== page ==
Don't forget what being a shareholder really means

Being a shareholder means you own a tiny bit of a company and are part of the UK’s vast and growing shareholder democracy.

I hope that your portfolios have recovered well from the lows of March. You will be wondering what to do next and this week’s issue of the magazine is full of ideas on that front. But amid all the money sloshing around it is increasingly vital not to forget what being a shareholder really means – it means you own a tiny bit of a company (something we’d love Gen Z to get in on) and are part of the UK’s vast and growing shareholder democracy. We hear a lot these days about the importance of everyone getting a say in how things work. What better way for that to happen in the corporate world than for everyone with a pension (auto-enrolled or otherwise) or an Isa to understand that they are a shareholder with rights and, should they choose to use it, a vote on some of the aspects of how the companies in which they invest are run?

The idea that ordinary shareholders can and should use their power to influence corporate behaviour is hardly new. Not many modern investors will have heard of the Gilbert brothers, publishers of the Annual Report of Stockholder Activities at Corporation Meetings, and relentless campaigners for shareholder protection from the 1940s to the 1970s. But they were the shareholder heroes of their day, arguing against share options for executives that were not related to “profits from day-to-day corporate activities” (I swear nothing ever changes!); insisting that ordinary shareholders have their pre-emptive rights respected (ie, that they got first refusal on any new shares issued); that AGMs be held in convenient locations; that annual reports were actually informative; and that shareholders were able to question management. They were good. Very good. At one point they owned shares in 1,500 companies and attended 150 meetings a year. Thanks to their encouragement, an incredible 20,000 people turned up at AT&T’s AGM in 1962.

You might think that in our more enlightened age Gilberts aren’t necessary – that shareholder democracy is a given. Don’t be too sure – it is actually as in need of constant protection as all democracy. There have been a huge number of equity raises since this crisis kicked off. By 8 June (on Peel Hunt’s numbers) 67 companies had raised a total of £9.7bn for various Covid-related reasons, on an average discount to the prevailing share price of around 8% (and rising).

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The problem? Many have been “placings” (where new shares are sold to institutions), rather than rights issues (which allow all shareholders to buy in – see here for more). Some shareholders got to buy shares at a discount. Others (the small ones) did not. That’s not a good development. Nor is the rise of the fully virtual AGM. Legislation is under way that (temporarily at least) removes the right of shareholders to physically attend AGMs in person to vote and challenge directors during lockdown. This makes sense in the short term. But the worry is that it might be so easy for directors and executives that it turns into a long-term trend (Aberdeen Standard Life has already produced a proposal for having virtual AGMs in future). Keep a close eye on this kind of thing. Right now individual shareholders do have power, should they choose to use it. And the last thing we need in a world where everyone needs to know that their voice can be heard is a Covid-19-covered repeal of shareholder democracy.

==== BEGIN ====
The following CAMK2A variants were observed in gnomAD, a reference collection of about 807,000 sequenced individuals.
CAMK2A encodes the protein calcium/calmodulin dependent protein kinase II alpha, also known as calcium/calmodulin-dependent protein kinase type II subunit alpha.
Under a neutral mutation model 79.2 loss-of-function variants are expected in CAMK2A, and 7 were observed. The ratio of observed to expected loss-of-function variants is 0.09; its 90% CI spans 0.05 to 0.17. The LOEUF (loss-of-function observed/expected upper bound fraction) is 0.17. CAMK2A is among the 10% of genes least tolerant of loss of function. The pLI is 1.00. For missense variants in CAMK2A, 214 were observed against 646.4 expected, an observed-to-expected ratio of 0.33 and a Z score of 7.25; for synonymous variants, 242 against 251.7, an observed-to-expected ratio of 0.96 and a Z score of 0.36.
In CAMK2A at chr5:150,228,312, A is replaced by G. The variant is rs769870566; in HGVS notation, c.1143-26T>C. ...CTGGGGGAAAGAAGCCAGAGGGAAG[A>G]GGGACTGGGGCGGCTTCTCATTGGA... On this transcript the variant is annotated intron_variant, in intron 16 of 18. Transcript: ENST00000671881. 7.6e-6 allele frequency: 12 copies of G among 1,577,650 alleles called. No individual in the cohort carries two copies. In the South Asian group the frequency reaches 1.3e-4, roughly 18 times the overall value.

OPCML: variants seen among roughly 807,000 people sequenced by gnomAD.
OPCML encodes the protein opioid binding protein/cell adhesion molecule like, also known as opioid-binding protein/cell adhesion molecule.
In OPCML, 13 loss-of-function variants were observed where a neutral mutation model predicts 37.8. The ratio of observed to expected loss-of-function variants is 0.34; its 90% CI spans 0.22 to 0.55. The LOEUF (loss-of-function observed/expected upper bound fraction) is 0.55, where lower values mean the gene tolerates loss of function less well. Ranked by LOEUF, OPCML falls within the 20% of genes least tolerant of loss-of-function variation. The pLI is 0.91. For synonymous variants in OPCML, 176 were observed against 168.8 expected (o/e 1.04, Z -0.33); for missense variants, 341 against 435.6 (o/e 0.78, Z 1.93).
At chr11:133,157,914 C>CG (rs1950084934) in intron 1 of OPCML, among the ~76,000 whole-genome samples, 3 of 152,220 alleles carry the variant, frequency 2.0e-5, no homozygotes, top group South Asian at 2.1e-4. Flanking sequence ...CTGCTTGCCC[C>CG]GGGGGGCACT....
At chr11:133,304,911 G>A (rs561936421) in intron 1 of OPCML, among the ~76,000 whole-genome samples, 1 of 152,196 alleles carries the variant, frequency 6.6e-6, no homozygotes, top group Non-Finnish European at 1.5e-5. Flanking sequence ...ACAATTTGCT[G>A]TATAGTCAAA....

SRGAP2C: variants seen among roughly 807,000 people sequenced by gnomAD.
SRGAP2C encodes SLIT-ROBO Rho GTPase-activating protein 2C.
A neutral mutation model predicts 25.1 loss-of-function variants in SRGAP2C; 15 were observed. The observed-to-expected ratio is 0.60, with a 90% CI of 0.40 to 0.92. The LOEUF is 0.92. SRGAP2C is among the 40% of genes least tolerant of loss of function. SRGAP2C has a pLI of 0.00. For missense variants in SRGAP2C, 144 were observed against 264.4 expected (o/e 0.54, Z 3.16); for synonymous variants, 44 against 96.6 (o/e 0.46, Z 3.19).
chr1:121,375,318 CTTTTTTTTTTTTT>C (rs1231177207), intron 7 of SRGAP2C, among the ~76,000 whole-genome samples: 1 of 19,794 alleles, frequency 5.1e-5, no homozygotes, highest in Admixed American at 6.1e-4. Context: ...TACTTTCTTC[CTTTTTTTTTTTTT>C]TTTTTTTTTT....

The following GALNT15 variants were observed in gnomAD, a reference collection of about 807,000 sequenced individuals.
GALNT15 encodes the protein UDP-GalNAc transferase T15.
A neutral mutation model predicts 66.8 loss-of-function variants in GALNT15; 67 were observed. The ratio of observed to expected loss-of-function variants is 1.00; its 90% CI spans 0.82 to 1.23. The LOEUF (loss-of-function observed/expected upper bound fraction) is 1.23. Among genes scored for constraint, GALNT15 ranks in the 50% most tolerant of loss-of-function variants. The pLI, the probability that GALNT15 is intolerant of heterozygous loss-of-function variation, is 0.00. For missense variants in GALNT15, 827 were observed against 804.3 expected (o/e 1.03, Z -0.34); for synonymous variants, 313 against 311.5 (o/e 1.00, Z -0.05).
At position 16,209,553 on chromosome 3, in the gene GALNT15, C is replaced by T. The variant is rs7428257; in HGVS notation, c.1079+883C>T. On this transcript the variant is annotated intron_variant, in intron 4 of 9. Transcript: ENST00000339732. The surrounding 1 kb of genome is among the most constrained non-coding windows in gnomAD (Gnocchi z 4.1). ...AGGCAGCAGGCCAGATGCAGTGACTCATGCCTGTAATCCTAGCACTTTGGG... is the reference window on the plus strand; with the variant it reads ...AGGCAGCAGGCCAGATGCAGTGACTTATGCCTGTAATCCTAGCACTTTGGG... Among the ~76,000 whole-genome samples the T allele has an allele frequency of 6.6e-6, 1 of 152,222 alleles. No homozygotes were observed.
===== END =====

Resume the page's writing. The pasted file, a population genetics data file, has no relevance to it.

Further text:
Merryn Somerset Webb

Merryn Somerset Webb started her career in Tokyo at public broadcaster NHK before becoming a Japanese equity broker at what was then Warburgs. She went on to work at SBC and UBS without moving from her desk in Kamiyacho (it was the age of mergers).

After five years in Japan she returned to work in the UK at Paribas. This soon became BNP Paribas. Again, no desk move was required. On leaving the City, Merryn helped The Week magazine with its City pages before becoming the launch editor of MoneyWeek in 2000 and taking on columns first in the Sunday Times and then in 2009 in the Financial Times

Twenty years on, MoneyWeek is the best-selling financial magazine in the UK. Merryn was its Editor in Chief until 2022. She is now a senior columnist at Bloomberg and host of the Merryn Talks Money podcast -  but still writes for Moneyweek monthly. 

Merryn is also is a non executive director of two investment trusts – BlackRock Throgmorton, and the Murray Income Investment Trust.